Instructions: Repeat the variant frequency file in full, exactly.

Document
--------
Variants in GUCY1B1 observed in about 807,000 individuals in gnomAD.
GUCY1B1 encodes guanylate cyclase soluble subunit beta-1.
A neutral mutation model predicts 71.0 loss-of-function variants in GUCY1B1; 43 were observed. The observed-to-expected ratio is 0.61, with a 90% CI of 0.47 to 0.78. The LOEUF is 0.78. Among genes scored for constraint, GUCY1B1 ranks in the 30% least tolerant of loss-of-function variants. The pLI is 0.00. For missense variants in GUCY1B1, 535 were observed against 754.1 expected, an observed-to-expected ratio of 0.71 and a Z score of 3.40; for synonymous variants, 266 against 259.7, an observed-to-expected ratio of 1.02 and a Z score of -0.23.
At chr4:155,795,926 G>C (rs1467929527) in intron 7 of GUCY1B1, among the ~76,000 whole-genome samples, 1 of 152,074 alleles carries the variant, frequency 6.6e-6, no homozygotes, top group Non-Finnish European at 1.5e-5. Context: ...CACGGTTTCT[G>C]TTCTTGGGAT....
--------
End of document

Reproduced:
Variants in GUCY1B1 observed in about 807,000 individuals in gnomAD.
GUCY1B1 encodes guanylate cyclase soluble subunit beta-1.
A neutral mutation model predicts 71.0 loss-of-function variants in GUCY1B1; 43 were observed. The observed-to-expected ratio is 0.61, with a 90% CI of 0.47 to 0.78. The LOEUF is 0.78. Among genes scored for constraint, GUCY1B1 ranks in the 30% least tolerant of loss-of-function variants. The pLI is 0.00. For missense variants in GUCY1B1, 535 were observed against 754.1 expected, an observed-to-expected ratio of 0.71 and a Z score of 3.40; for synonymous variants, 266 against 259.7, an observed-to-expected ratio of 1.02 and a Z score of -0.23.
At chr4:155,795,926 G>C (rs1467929527) in intron 7 of GUCY1B1, among the ~76,000 whole-genome samples, 1 of 152,074 alleles carries the variant, frequency 6.6e-6, no homozygotes, top group Non-Finnish European at 1.5e-5. Context: ...CACGGTTTCT[G>C]TTCTTGGGAT....